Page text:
Any sidewalk more than 2 inches off the street can be used as a bench to sit on and check out your MapChick map.
Just because a taxi looks full doesn’t mean you should assume you can’t get a ride. Most of the taxi drivers ferry their friends and family around the island or just have them along for company. It’s a good way to get to know the locals or at least listen in on their conversations to see how many words you can pick up.
If a taxi has its windows up, you don’t want it. The drivers who prefer the A/C to the sea air always charged me double (20p instead of 10p) and were never friendly the way most of the drivers were.
Before you go, pick up a copy of Lonely Planet’s “Mexican Spanish” – It was very helpful… Most Spanish-English phrasebooks and dictionaries are geared toward “Spain” Spanish. And the more Spanish you try to speak, the better your trip will be. Not because people don’t speak English (some do, some don’t), but they will be happier to talk to you if you make the effort. You’ll find yourself speaking to people in Spanish while they are speaking to you in English. :)
Learn the phrase, “No, gracias.” People will constantly try to sell you things (jewelry, pareos, snacks, etc.) – if you buy from everyone, you’ll be broke by the end of the first day. But they’re very polite and move on if you just smile and say… “No, gracias.” :)
Take a look at what they’re selling before passing. I got some really nifty jewelry from women selling it on the beach for very little money. Right now I’m wearing one of the beaded bracelets I got for a dollar.
If you’re like me and, while you like a good bargain, you don’t like to bargain… don’t stress – even for asking price you’re getting it for a lot less than you would in the States.
Go snorkeling with Aqua Adventures… Especially if you’re female… not only is the snorkeling fantastic – like swimming in a giant aquarium – the snorkel guide is drop dead gorgeous! :D Donna has been holding out on us! ;)
Walk as much as you can… If you can see the water, you’ll feel a breeze, and it’s wonderful to just walk around slowly and take everything in.
If you’re lucky enough to stay in a place on the Caribbean side, don’t bother with A/C – you really don’t need it, and you’ll feel more comfortable everywhere else if your skin isn’t expecting to feel that artificial cold. Trust me on this one – I’m a living furnace, always hot – and I was very comfortable with the stiff breeze going through the windows.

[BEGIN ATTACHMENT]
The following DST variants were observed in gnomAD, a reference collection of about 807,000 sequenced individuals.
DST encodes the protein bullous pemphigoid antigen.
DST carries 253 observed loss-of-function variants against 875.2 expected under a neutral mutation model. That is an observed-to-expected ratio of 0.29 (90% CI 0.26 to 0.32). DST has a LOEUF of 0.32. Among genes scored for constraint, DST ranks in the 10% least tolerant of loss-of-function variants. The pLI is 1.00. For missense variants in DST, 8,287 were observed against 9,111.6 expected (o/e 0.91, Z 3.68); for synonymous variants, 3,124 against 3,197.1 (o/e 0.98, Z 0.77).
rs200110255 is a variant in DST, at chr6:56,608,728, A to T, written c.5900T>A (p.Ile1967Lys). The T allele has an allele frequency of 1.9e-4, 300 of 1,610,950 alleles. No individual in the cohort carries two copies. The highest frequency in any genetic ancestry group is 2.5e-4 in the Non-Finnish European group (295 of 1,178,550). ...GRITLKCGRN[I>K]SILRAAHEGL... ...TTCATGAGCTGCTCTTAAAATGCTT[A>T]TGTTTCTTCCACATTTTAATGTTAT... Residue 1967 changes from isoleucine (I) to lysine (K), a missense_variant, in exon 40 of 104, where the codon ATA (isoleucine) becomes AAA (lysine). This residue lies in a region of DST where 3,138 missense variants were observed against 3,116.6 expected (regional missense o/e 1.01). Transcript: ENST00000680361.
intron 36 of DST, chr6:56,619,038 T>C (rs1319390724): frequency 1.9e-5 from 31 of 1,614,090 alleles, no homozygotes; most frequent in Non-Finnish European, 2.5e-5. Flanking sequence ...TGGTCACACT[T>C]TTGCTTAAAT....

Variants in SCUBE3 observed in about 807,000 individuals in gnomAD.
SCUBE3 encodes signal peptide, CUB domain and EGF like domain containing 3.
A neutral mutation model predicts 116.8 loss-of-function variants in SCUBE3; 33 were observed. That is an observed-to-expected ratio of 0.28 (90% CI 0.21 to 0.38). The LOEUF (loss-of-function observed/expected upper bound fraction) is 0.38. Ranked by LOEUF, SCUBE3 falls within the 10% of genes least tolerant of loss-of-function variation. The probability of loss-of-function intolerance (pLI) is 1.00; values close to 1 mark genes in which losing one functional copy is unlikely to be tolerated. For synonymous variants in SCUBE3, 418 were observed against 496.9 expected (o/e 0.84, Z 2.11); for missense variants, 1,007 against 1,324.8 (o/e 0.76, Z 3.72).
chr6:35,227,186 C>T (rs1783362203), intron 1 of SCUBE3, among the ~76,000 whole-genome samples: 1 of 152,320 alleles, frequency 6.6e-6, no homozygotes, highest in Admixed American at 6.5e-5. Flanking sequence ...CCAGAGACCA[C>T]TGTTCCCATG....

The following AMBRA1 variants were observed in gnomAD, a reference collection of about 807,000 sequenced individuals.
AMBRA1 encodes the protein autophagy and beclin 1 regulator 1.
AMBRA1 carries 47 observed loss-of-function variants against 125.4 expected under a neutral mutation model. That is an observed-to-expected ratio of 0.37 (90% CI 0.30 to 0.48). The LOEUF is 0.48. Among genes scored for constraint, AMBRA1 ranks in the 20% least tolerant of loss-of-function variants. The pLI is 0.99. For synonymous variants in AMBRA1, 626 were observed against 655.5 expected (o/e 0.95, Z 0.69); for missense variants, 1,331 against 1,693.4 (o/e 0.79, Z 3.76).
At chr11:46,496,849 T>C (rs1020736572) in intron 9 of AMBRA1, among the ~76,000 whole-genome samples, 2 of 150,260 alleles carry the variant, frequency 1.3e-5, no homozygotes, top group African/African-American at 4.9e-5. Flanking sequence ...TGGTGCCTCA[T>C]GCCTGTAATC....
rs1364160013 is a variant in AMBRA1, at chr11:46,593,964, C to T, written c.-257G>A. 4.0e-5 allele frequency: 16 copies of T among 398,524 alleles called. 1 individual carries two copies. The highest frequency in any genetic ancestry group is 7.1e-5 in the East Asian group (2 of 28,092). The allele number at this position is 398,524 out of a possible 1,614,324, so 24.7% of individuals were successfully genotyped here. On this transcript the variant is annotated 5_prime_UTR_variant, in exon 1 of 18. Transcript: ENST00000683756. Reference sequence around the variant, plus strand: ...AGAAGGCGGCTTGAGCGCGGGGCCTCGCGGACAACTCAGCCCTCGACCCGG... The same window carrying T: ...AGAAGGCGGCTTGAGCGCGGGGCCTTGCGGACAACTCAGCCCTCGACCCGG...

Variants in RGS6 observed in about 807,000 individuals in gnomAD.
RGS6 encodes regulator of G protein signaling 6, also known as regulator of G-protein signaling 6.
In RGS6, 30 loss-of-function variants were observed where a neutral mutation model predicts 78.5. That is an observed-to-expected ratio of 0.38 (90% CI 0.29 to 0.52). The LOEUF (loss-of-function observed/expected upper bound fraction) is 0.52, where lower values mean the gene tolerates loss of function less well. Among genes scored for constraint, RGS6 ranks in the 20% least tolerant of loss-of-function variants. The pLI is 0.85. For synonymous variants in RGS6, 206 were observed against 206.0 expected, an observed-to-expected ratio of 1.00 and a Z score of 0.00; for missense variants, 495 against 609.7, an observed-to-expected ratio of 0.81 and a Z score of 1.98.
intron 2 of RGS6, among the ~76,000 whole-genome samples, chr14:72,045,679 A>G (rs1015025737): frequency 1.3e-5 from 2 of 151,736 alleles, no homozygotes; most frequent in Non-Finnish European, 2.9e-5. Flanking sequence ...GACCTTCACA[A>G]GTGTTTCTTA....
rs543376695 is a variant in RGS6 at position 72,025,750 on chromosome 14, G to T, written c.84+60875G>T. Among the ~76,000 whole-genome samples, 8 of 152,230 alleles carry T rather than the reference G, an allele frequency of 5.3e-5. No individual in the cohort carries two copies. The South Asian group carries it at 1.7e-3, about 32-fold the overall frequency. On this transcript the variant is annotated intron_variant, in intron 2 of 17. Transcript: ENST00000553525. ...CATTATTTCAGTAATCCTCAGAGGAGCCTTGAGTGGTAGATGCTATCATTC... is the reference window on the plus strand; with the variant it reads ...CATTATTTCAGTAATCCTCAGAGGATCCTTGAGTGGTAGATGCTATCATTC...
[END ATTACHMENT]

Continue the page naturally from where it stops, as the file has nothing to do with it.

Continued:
A lot of people travel to Isla Mujeres on their own, so you don’t have to worry about feeling weird sitting at a table by yourself in a restaurant. Chances are good you won’t be the only one.
If you go to Zama Beach Club (and it’s worth the trip… that was the only day I got sunburned because I didn’t want to leave – it’s gorgeous! Like something out of a movie), consider yourself forewarned that the schnauzer-y looking dog is very friendly – but likes to play very rough. If you decide to play with him and he starts getting too rough, pop him on the head with your book and he’ll go away. If I didn’t have my own pack of rough playing dogs at home, I would have thought he was attacking and not playing. He’s that rough.
All the other Isla dogs I met were sweet as pie.
Dressing up small dogs is apparently a universal compulsion. I saw a bunch of local girls and women with small hats and shirts on their dogs. I have a small dog myself, so I understand this compulsion.
Barracudas are not nearly as big or scary as you think they are going to be. We saw lots of them while snorkeling, and they had absolutely no interest in us. In fact, at one point, I got a bit behind my group watching some fish and had to swim through a school of about 8-10 barracudas by myself to catch up. All I could think was, “Please God, don’t let them be able to smell fear like a dog does.” But they didn't seem to even notice me.
If you are fair like me, be sure to wear a high SPF sunscreen and sit in the shade when you can. I wore 30 SPF every day, frequently sat under umbrellas when at the beach, and I still managed to get burned. I now have what was considered a “healthy tan” back in the ‘70’s. ;)
If you like children and puppies, this is the place for you. It seemed like every time I turned a corner, there was another Hallmark moment of a little kid scratching a puppy’s head. And watching the kids running around and playing on the Zocalo on Sunday night while their parents watched or played along with them, everyone smiling… it was truly wonderful.
Expect to be sad when you have to go home. The kindness of the people who live on La Isla and their obvious devotion to family and friends is something you will wish you could bottle up and bring home.